The Vancouver Observer June 26, 2012
Global warming has already significantly changed Fraser River. Its waters are warming and its flows are shifting to earlier in the year. By summer when the legendary salmon runs surge into the river to spawn, the river is more often becoming too warm and low for their survival. Already more and more salmon are dying en route to the spawning grounds. Fishing quotas are being cut back to make up for it.
Experts predict far more “dramatic changes” lie ahead unless humans switch away from climate polluting energy sources. They say our the salmon will be hard pressed to survive and thrive in the new overheated Fraser River.
The Fraser River drains a watershed larger than the state of Washington. The carbon dioxide from the burning of oil, coal and natural gas has changed the climate significantly in this huge watershed. Average air temperatures are rising, average snowpack is declining and rainfall has changed throughout the year. The river that drains is being changed as a result. Water is now coming down the Fraser River earlier and earlier as the climate warms. The mid-point of the annual flow now happens much earlier on average then sixty years ago.
Fisheries and Oceans Canada (DFO) expect this trend to continue as long as global warming keeps getting worse. Their climate models show “dramatic changes in the flow of the Fraser River” as more and more of the flow shifts away from summer and into the winter and early spring. The lower the summer flow the warmer the water.
The cause of this shift in flow away from summer is the decline in late-season snow pack as British Columbia’s climate heats up. The Fraser River is a “typical snow melt dominated river.” That means flows are lower in winter while snow is accumulating, followed by rapidly rising flows in spring as snows melt and rains start. But now snowfall is decreasing and rising temperatures are melting it sooner. Less and less snow remains by summer.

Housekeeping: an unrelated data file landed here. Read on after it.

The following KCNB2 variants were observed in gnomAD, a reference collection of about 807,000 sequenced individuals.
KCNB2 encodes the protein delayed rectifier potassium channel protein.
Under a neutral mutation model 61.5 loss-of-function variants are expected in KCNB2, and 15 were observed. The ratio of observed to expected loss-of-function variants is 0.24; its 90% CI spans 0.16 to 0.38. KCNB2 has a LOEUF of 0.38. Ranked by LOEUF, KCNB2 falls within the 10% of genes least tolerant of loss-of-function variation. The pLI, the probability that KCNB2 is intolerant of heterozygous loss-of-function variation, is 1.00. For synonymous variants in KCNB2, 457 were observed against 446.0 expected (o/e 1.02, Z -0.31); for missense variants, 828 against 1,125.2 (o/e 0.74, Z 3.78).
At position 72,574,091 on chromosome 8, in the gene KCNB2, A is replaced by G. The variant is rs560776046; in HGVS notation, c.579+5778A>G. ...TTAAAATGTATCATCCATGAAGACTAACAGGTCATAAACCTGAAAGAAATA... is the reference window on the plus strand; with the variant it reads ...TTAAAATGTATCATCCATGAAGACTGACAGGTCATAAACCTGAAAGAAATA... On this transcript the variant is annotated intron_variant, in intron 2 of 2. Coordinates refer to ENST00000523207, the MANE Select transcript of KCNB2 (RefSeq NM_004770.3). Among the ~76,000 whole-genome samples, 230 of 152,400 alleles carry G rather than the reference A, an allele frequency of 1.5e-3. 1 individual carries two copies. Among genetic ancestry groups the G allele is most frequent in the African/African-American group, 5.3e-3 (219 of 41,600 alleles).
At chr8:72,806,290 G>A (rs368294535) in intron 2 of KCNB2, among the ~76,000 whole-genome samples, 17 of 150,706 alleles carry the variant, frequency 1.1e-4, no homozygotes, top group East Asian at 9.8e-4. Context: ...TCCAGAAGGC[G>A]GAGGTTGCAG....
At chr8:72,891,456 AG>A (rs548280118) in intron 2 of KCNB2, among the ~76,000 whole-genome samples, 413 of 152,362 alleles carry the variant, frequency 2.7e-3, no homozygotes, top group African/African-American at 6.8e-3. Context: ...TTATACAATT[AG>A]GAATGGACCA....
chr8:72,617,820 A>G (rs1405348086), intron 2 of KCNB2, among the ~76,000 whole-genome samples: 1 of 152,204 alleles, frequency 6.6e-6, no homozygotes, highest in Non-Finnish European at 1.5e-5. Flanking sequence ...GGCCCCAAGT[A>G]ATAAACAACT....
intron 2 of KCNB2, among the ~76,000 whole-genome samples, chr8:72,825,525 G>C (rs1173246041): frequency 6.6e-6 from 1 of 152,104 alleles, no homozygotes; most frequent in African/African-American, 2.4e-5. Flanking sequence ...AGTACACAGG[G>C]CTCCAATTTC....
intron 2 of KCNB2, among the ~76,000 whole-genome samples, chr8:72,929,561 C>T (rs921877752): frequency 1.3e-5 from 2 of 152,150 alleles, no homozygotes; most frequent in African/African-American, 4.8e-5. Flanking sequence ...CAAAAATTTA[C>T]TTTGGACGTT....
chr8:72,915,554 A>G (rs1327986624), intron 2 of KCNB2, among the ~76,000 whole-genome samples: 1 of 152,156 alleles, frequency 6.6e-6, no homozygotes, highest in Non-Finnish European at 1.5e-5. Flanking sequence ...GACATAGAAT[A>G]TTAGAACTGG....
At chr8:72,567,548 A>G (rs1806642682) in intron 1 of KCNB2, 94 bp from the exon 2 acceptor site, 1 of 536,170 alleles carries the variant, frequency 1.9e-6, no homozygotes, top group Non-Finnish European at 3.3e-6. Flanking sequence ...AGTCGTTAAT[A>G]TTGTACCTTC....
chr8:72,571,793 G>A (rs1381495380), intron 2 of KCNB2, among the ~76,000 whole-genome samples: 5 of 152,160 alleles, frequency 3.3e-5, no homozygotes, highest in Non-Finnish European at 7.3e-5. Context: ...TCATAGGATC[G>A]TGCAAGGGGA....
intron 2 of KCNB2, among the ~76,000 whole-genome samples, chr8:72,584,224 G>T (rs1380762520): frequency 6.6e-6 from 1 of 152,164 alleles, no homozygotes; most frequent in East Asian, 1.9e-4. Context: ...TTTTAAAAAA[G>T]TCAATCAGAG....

The British Columbia Ministry of the Environment’s climate change website states that “the average summer temperature of the Fraser River increased by 1.1 degree Celsius between 1953 and 1998,” and the warming appears to have increased significantly in recent decades.
A technical report from The Cohen Commission of Inquiry into the Decline of Sockeye Salmon in the Fraser River reviews the potential climate change effects on survival of Fraser River salmon.
The report states that the Fraser River has warmed by 2.0 degrees Centrigrade in the last sixty years, with 0.7 degrees Centrigrade of that occurring in the last two decades. Fisheries and Oceans Canada also expects this heating trend to get much worse as long as global warming continues.
Rising temperatures are very bad news for salmon. The CCCC report summarized 64 scientific studies trying to understand the impact of just 0.7 C warming over the last two decades. It found "survival of returning adults has very likely decreased" and "the cumulative impacts of climate change on survival across life stages could have been substantial."
Both this CCCC report and the DFO predict an increasingly hostile and tenuous future for Fraser River salmon if we allow global warming to continue.
The Fraser is the largest salmon producing river in Canada; and it’s heating up relentlessly.